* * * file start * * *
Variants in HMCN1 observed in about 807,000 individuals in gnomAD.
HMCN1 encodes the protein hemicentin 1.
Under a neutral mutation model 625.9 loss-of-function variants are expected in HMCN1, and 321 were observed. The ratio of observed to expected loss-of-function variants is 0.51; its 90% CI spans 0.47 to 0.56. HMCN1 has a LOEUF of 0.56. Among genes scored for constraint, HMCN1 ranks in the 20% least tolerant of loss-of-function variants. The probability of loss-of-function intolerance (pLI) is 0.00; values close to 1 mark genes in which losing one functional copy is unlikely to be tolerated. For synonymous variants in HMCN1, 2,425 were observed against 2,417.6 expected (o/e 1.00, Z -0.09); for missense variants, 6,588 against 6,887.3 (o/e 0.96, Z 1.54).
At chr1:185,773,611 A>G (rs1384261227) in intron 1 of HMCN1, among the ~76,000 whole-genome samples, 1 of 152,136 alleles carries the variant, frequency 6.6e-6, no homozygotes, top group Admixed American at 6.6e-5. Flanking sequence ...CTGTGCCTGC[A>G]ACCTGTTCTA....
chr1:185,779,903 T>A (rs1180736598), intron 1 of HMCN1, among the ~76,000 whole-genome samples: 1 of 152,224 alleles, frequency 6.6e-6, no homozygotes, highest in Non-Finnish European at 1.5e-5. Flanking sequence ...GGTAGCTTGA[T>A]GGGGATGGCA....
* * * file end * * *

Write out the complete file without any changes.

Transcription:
Variants in HMCN1 observed in about 807,000 individuals in gnomAD.
HMCN1 encodes the protein hemicentin 1.
Under a neutral mutation model 625.9 loss-of-function variants are expected in HMCN1, and 321 were observed. The ratio of observed to expected loss-of-function variants is 0.51; its 90% CI spans 0.47 to 0.56. HMCN1 has a LOEUF of 0.56. Among genes scored for constraint, HMCN1 ranks in the 20% least tolerant of loss-of-function variants. The probability of loss-of-function intolerance (pLI) is 0.00; values close to 1 mark genes in which losing one functional copy is unlikely to be tolerated. For synonymous variants in HMCN1, 2,425 were observed against 2,417.6 expected (o/e 1.00, Z -0.09); for missense variants, 6,588 against 6,887.3 (o/e 0.96, Z 1.54).
At chr1:185,773,611 A>G (rs1384261227) in intron 1 of HMCN1, among the ~76,000 whole-genome samples, 1 of 152,136 alleles carries the variant, frequency 6.6e-6, no homozygotes, top group Admixed American at 6.6e-5. Flanking sequence ...CTGTGCCTGC[A>G]ACCTGTTCTA....
chr1:185,779,903 T>A (rs1180736598), intron 1 of HMCN1, among the ~76,000 whole-genome samples: 1 of 152,224 alleles, frequency 6.6e-6, no homozygotes, highest in Non-Finnish European at 1.5e-5. Flanking sequence ...GGTAGCTTGA[T>A]GGGGATGGCA....